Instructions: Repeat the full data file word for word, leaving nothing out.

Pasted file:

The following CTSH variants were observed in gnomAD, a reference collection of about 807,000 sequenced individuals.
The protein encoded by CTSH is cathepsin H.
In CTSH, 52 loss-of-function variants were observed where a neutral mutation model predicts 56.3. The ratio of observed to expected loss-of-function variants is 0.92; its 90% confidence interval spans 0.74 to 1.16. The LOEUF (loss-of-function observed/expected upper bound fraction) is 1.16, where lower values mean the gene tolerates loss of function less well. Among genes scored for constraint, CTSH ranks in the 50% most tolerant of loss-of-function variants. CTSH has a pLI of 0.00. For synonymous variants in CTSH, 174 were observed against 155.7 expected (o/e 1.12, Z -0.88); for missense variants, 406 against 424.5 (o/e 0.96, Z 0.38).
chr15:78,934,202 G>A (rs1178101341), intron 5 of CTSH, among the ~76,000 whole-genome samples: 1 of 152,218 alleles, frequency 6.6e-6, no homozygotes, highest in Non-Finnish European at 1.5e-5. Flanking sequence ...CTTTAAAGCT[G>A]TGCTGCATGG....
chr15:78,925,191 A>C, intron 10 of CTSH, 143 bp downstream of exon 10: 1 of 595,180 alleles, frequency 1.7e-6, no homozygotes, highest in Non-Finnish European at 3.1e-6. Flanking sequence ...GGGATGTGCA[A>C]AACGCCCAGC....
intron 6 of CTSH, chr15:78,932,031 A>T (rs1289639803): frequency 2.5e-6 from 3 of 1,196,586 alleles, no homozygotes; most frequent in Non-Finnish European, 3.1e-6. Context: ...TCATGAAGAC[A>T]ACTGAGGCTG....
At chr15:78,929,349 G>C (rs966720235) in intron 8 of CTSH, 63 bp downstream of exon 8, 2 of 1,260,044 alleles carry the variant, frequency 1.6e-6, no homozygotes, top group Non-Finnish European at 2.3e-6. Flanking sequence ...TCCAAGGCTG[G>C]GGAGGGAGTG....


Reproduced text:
The following CTSH variants were observed in gnomAD, a reference collection of about 807,000 sequenced individuals.
The protein encoded by CTSH is cathepsin H.
In CTSH, 52 loss-of-function variants were observed where a neutral mutation model predicts 56.3. The ratio of observed to expected loss-of-function variants is 0.92; its 90% confidence interval spans 0.74 to 1.16. The LOEUF (loss-of-function observed/expected upper bound fraction) is 1.16, where lower values mean the gene tolerates loss of function less well. Among genes scored for constraint, CTSH ranks in the 50% most tolerant of loss-of-function variants. CTSH has a pLI of 0.00. For synonymous variants in CTSH, 174 were observed against 155.7 expected (o/e 1.12, Z -0.88); for missense variants, 406 against 424.5 (o/e 0.96, Z 0.38).
chr15:78,934,202 G>A (rs1178101341), intron 5 of CTSH, among the ~76,000 whole-genome samples: 1 of 152,218 alleles, frequency 6.6e-6, no homozygotes, highest in Non-Finnish European at 1.5e-5. Flanking sequence ...CTTTAAAGCT[G>A]TGCTGCATGG....
chr15:78,925,191 A>C, intron 10 of CTSH, 143 bp downstream of exon 10: 1 of 595,180 alleles, frequency 1.7e-6, no homozygotes, highest in Non-Finnish European at 3.1e-6. Flanking sequence ...GGGATGTGCA[A>C]AACGCCCAGC....
intron 6 of CTSH, chr15:78,932,031 A>T (rs1289639803): frequency 2.5e-6 from 3 of 1,196,586 alleles, no homozygotes; most frequent in Non-Finnish European, 3.1e-6. Context: ...TCATGAAGAC[A>T]ACTGAGGCTG....
At chr15:78,929,349 G>C (rs966720235) in intron 8 of CTSH, 63 bp downstream of exon 8, 2 of 1,260,044 alleles carry the variant, frequency 1.6e-6, no homozygotes, top group Non-Finnish European at 2.3e-6. Flanking sequence ...TCCAAGGCTG[G>C]GGAGGGAGTG....